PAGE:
Skip to main content
PBS logo
Want fewer ads?

Press & Media » Tuscaloosa

Bartering Online Leaves Money In The Bank

Tuscaloosa (Newspaper) - 6/8/2008 by By Alyson Ward, McClatchy-Tribune News Service
FORT WORTH, Texas | Long before we humans got smart enough to invent currency, we got our goods without coin or cash: by swapping and borrowing. Exchanging with another person is still an effective strategy for getting what you want with minimum financial fuss, and a number of Web sites bring the marketplace to your desktop.

You could, of course, head to a local market and try to see what they'd give you for your granddaddy's watch. Or you could take a look at these five ways to save money by swapping, borrowing or sharing.

Trade clothesRemember back in college when you'd rummage through a friend or sister's closet to find something "new" to wear? And sometimes you'd get to keep it? This is the premise of a clothing swap.

Suzanne Agasi of San Francisco has been hosting parties to trade clothes for more than a decade, but she says the idea is just now catching on nationally. "I haven't bought a pair of jeans in 14 years," she says. She offers this method for putting together a clothes-swap party:

n Before you start organizing, choose a charity to receive leftover items. Even though most guests will go home with something snazzy, lots will be left over.

n Choose a time and day, and invite your friends. Have them invite friends. Don't worry about sizes; the more the merrier.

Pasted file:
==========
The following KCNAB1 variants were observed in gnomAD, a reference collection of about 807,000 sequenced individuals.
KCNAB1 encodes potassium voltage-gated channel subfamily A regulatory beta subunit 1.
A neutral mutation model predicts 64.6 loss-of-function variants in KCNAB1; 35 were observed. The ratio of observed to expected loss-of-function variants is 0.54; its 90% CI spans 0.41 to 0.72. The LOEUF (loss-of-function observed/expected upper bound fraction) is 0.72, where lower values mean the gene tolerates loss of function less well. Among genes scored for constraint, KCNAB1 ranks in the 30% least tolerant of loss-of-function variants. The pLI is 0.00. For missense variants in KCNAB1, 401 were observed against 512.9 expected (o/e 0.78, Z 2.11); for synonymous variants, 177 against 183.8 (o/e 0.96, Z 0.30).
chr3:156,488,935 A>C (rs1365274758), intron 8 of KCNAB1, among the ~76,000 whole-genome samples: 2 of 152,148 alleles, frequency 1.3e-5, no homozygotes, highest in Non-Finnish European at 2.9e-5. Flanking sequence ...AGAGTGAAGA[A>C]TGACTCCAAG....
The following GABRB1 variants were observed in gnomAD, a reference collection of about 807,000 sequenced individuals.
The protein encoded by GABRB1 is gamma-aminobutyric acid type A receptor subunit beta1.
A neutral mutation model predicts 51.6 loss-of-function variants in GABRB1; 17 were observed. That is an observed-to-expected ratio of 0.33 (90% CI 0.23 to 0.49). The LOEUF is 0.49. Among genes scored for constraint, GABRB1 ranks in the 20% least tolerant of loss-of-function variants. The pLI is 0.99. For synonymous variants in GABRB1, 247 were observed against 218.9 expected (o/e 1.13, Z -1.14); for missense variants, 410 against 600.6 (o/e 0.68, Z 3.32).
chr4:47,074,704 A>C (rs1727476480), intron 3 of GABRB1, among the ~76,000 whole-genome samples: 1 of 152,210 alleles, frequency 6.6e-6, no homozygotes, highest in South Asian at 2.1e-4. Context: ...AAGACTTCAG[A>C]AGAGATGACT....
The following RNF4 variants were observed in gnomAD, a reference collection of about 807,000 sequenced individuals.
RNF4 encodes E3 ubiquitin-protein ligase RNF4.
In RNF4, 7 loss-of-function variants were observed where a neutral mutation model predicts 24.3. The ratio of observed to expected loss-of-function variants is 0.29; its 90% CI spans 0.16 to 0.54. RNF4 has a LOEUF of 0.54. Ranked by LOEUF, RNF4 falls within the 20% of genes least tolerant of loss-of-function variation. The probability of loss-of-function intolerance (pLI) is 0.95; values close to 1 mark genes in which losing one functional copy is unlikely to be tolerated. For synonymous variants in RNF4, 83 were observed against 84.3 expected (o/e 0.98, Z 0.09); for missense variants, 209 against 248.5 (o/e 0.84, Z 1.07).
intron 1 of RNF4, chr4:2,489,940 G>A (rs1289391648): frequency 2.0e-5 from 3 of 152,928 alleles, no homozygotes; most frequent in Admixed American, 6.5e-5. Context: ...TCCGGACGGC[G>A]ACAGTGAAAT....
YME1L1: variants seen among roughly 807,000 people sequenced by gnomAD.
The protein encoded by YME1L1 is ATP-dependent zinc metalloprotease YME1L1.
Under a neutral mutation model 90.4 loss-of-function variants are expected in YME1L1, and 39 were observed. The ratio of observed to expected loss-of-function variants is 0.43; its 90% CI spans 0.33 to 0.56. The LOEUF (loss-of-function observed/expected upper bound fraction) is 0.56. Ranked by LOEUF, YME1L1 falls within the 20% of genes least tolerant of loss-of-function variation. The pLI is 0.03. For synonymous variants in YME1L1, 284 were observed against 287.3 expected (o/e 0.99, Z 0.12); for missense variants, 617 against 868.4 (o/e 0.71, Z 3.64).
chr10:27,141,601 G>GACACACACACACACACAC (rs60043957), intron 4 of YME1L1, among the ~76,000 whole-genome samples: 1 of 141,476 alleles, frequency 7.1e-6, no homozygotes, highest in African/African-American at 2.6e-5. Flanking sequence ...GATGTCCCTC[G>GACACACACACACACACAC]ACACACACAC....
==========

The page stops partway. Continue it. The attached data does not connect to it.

n Instruct friends to bring quality, freshly cleaned clothes. Ask them to bring purses, shoes and accessories they're ready to get rid of, as well.

n Designate a safe room or area for purses, shoes and the clothes people come in. Otherwise, says Agasi, guests will lose items they never intended to trade.

n When guests arrive, have them sort items. Place shoes and purses together, sweaters together, tops together, dresses together and jeans together.

n Have everyone bring a "shopping" bag. Chosen items should go in the bag. Bags are off-limits for swapping.

n After the party, pack up extra items and transport them to the charity.

Exchange books Books, though certainly worthy purchases, can hit the checking account hard and fast. Save money by getting and giving books in an online book swap. Usually you pay to send books to other people, and other people will send books to you. You choose the books you'd like via an online database, and once you get them, they're yours to keep or swap again. Here are a few book-swap sites:

n Paperbackswap, The site also lets you print out a wrapper that's ready for mailing. You just wrap it around the book, add the necessary postage and drop it in the mail. Borrowing works on a point system: When you send out a book, you get enough points to request one.

n Titletrader, This site allows members to swap books, movies and CDs. It works on a point system, but members can buy points. Members pay postage.

n Bookins, On this site, which swaps books and DVDs, each swap costs $4.49, but Bookins provides postage and tracks shipments. Members also earn swaps based on trades; in-

demand titles earn more points.